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Headlines from the past

OK folks. As my research progresses through the years, so do those headlines that graced past issues of our local newspapers. These entries are all from the Bureau County Record 1909. Here we go again with some more Headlines From The Past.

March 31, 1909: Miss Nina A. Pattee, a teacher in Marseilles, is arrested for sending obscene letters. Recipients of these letters include President William Howard Taft, former President Theodore Roosevelt, Gov. Charles Deneen and a number of high-ranking Chicago officials. Pattee was interviewed by a Record reporter while in a detention hospital and declared she was not insane. Then to prove her state of mind, she went into a trance and stated the reporter must seek a woman named Mary Brand at 22 Delaware Place. After returning from her trance, Pattee revealed she had been visited by God on St. Valentine’s Day 1903. It was later disclosed Pattee had been struck in the head with a baseball bat by a student and that surgery would correct her problem.

June 30, 1909: Miss Dora Leddy filed suit against the Spring Valley Board of Education. The board had dismissed her from her duties when she refused to take back a student, Nelly Walker, whom she had sent home from school. Leddy refused to take the student back until the student apologized. Details were not given why. Leddy eventually sued the board for back pay in which she was granted. She dropped her other suits when awarded the pay in the amount of $50 per month.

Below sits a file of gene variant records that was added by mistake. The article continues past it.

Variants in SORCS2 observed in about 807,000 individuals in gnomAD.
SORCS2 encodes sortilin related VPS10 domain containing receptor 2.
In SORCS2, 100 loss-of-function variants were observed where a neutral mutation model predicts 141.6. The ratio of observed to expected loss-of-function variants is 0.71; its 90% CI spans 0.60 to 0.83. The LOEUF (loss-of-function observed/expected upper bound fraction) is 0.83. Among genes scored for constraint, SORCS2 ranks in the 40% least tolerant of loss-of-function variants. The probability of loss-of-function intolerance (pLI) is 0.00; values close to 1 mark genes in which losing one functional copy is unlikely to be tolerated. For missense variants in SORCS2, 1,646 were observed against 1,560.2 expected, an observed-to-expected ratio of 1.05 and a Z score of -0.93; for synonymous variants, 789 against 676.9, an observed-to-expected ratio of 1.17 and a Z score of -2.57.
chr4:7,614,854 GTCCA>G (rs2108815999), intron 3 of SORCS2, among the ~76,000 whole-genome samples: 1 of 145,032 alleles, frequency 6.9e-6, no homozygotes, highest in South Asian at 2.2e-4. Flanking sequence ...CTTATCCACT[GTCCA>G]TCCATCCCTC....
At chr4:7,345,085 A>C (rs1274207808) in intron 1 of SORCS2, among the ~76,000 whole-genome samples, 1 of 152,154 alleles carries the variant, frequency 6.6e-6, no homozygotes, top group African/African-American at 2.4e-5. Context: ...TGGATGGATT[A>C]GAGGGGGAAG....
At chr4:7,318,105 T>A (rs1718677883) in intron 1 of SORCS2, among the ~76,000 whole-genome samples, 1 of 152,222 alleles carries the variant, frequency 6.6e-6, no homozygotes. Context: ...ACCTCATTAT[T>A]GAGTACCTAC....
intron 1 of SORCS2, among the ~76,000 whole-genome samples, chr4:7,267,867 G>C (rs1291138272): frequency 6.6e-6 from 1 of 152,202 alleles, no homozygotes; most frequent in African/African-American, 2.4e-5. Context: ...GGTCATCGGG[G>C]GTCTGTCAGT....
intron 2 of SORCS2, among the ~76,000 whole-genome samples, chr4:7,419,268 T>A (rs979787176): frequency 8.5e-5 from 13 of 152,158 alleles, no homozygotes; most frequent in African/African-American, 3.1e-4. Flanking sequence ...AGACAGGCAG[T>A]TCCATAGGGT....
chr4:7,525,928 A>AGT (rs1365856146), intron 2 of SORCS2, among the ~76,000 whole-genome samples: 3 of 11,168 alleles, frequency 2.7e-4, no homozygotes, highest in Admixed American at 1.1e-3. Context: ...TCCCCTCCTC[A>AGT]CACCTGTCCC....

June 30, 1909: “Reckless Motorcyclist.” The motorcycle craze hit Princeton and produced some reckless driving. According to the report, these drivers take little care on busy streets or sidewalks in the city as they race along at speeds up to 45 miles an hour. Complaints have been received from all over Princeton. More than one case has been recorded of children’s narrow escape due to these reckless drivers. Also included in this issue of the Record is an article about riding bikes on the sidewalks. It is against city ordinance to ride a bike on the sidewalks. Youths are the biggest offenders, and it has been reported these wheelmen even conduct races on city sidewalks. Parents are asked to remind their children of the laws and consequences of their actions. The article states, “Due warning has been given, and the next step is likely to be the appearance of an officer with warrants for the offenders.”

October 6, 1909: “Don’t Know He’s Married.” Glenn Wyatt of Wyanet was not present at his own wedding. Wyatt and Miss Frances Roose were married quietly in Ottawa on Oct. 4, but the groom was not there. When interviewed, Wyatt knew nothing about the marriage. Relatives of Miss Roose living in Princeton stated they weren’t certain if the marriage had occurred but were not surprised to hear of it. Wyatt was employed by the H.W. Cate Co. in Wyanet. The article concluded by saying “perhaps he is going to keep it a secret, so please do not say anything about it.”

Sept. 1, 1909: “Spring Valley Under Ban.” No more prize fights are to be conducted in Spring Valley is the message from the Illinois Governor’s Office. Bureau County Sheriff O.H. Skoglund received a communications from acting governor Oglesby stating “take the necessary means to prevent any violations of the law.”

So there you have it. Another entry into Headlines From The Past. Have a great day!

Princeton resident Todd Borsch can be reached at borsch3@ivnet.com.

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